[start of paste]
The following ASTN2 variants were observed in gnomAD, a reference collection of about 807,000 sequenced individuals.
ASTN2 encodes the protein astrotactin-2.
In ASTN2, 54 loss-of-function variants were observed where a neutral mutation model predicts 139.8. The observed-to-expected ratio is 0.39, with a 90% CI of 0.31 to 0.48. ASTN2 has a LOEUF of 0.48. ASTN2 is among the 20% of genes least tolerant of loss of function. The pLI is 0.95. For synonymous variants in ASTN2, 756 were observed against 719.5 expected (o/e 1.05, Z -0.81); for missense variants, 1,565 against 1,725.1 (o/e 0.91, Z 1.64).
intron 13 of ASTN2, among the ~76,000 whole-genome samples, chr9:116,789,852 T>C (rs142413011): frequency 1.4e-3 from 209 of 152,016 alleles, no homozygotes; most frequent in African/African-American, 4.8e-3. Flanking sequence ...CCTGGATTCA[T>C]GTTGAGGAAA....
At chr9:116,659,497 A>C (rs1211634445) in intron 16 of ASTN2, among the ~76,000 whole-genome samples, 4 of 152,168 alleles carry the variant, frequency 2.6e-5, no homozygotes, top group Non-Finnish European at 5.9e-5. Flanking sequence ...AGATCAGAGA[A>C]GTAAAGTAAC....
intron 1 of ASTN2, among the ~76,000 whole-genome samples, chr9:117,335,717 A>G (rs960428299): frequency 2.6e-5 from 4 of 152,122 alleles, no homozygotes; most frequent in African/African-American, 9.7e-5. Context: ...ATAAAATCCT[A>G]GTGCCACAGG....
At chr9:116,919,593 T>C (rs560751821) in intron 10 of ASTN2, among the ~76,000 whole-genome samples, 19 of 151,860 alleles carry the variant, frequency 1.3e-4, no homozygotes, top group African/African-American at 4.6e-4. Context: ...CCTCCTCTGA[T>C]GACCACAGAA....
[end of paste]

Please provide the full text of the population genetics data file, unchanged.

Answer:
The following ASTN2 variants were observed in gnomAD, a reference collection of about 807,000 sequenced individuals.
ASTN2 encodes the protein astrotactin-2.
In ASTN2, 54 loss-of-function variants were observed where a neutral mutation model predicts 139.8. The observed-to-expected ratio is 0.39, with a 90% CI of 0.31 to 0.48. ASTN2 has a LOEUF of 0.48. ASTN2 is among the 20% of genes least tolerant of loss of function. The pLI is 0.95. For synonymous variants in ASTN2, 756 were observed against 719.5 expected (o/e 1.05, Z -0.81); for missense variants, 1,565 against 1,725.1 (o/e 0.91, Z 1.64).
intron 13 of ASTN2, among the ~76,000 whole-genome samples, chr9:116,789,852 T>C (rs142413011): frequency 1.4e-3 from 209 of 152,016 alleles, no homozygotes; most frequent in African/African-American, 4.8e-3. Flanking sequence ...CCTGGATTCA[T>C]GTTGAGGAAA....
At chr9:116,659,497 A>C (rs1211634445) in intron 16 of ASTN2, among the ~76,000 whole-genome samples, 4 of 152,168 alleles carry the variant, frequency 2.6e-5, no homozygotes, top group Non-Finnish European at 5.9e-5. Flanking sequence ...AGATCAGAGA[A>C]GTAAAGTAAC....
intron 1 of ASTN2, among the ~76,000 whole-genome samples, chr9:117,335,717 A>G (rs960428299): frequency 2.6e-5 from 4 of 152,122 alleles, no homozygotes; most frequent in African/African-American, 9.7e-5. Context: ...ATAAAATCCT[A>G]GTGCCACAGG....
At chr9:116,919,593 T>C (rs560751821) in intron 10 of ASTN2, among the ~76,000 whole-genome samples, 19 of 151,860 alleles carry the variant, frequency 1.3e-4, no homozygotes, top group African/African-American at 4.6e-4. Context: ...CCTCCTCTGA[T>C]GACCACAGAA....